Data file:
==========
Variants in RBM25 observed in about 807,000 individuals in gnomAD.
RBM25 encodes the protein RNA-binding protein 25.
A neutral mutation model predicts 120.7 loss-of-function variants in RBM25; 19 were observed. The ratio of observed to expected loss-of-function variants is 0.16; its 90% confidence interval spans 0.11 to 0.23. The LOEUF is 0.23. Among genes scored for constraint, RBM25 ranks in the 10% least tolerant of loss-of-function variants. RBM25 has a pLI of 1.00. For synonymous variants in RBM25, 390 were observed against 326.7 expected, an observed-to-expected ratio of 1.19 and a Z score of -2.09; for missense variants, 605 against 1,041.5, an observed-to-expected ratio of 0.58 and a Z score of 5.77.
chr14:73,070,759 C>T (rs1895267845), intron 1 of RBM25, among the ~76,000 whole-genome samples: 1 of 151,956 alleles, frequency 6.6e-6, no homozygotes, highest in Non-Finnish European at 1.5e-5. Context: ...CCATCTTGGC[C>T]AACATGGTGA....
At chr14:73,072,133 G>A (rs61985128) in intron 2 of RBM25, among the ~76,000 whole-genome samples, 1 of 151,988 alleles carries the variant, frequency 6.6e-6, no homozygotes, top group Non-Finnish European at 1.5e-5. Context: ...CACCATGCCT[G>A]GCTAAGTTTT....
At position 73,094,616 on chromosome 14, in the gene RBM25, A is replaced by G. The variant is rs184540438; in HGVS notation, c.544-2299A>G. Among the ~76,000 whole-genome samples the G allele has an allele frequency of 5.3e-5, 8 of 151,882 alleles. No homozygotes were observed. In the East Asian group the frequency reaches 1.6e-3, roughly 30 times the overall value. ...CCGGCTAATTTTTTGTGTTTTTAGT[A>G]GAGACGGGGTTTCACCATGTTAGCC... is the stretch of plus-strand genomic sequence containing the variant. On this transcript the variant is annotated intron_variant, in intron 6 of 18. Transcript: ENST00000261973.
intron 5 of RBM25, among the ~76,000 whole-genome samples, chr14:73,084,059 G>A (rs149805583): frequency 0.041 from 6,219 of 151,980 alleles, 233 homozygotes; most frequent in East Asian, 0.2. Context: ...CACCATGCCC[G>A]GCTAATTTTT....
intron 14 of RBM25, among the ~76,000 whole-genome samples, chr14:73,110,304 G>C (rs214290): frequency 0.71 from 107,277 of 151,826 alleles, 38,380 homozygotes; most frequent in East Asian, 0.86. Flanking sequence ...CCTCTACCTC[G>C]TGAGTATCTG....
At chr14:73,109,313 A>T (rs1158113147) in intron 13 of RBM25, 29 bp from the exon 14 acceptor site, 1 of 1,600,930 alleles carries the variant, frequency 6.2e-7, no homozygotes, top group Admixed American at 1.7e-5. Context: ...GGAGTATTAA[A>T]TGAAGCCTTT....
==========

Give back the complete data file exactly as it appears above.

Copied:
Variants in RBM25 observed in about 807,000 individuals in gnomAD.
RBM25 encodes the protein RNA-binding protein 25.
A neutral mutation model predicts 120.7 loss-of-function variants in RBM25; 19 were observed. The ratio of observed to expected loss-of-function variants is 0.16; its 90% confidence interval spans 0.11 to 0.23. The LOEUF is 0.23. Among genes scored for constraint, RBM25 ranks in the 10% least tolerant of loss-of-function variants. RBM25 has a pLI of 1.00. For synonymous variants in RBM25, 390 were observed against 326.7 expected, an observed-to-expected ratio of 1.19 and a Z score of -2.09; for missense variants, 605 against 1,041.5, an observed-to-expected ratio of 0.58 and a Z score of 5.77.
chr14:73,070,759 C>T (rs1895267845), intron 1 of RBM25, among the ~76,000 whole-genome samples: 1 of 151,956 alleles, frequency 6.6e-6, no homozygotes, highest in Non-Finnish European at 1.5e-5. Context: ...CCATCTTGGC[C>T]AACATGGTGA....
At chr14:73,072,133 G>A (rs61985128) in intron 2 of RBM25, among the ~76,000 whole-genome samples, 1 of 151,988 alleles carries the variant, frequency 6.6e-6, no homozygotes, top group Non-Finnish European at 1.5e-5. Context: ...CACCATGCCT[G>A]GCTAAGTTTT....
At position 73,094,616 on chromosome 14, in the gene RBM25, A is replaced by G. The variant is rs184540438; in HGVS notation, c.544-2299A>G. Among the ~76,000 whole-genome samples the G allele has an allele frequency of 5.3e-5, 8 of 151,882 alleles. No homozygotes were observed. In the East Asian group the frequency reaches 1.6e-3, roughly 30 times the overall value. ...CCGGCTAATTTTTTGTGTTTTTAGT[A>G]GAGACGGGGTTTCACCATGTTAGCC... is the stretch of plus-strand genomic sequence containing the variant. On this transcript the variant is annotated intron_variant, in intron 6 of 18. Transcript: ENST00000261973.
intron 5 of RBM25, among the ~76,000 whole-genome samples, chr14:73,084,059 G>A (rs149805583): frequency 0.041 from 6,219 of 151,980 alleles, 233 homozygotes; most frequent in East Asian, 0.2. Context: ...CACCATGCCC[G>A]GCTAATTTTT....
intron 14 of RBM25, among the ~76,000 whole-genome samples, chr14:73,110,304 G>C (rs214290): frequency 0.71 from 107,277 of 151,826 alleles, 38,380 homozygotes; most frequent in East Asian, 0.86. Flanking sequence ...CCTCTACCTC[G>C]TGAGTATCTG....
At chr14:73,109,313 A>T (rs1158113147) in intron 13 of RBM25, 29 bp from the exon 14 acceptor site, 1 of 1,600,930 alleles carries the variant, frequency 6.2e-7, no homozygotes, top group Admixed American at 1.7e-5. Context: ...GGAGTATTAA[A>T]TGAAGCCTTT....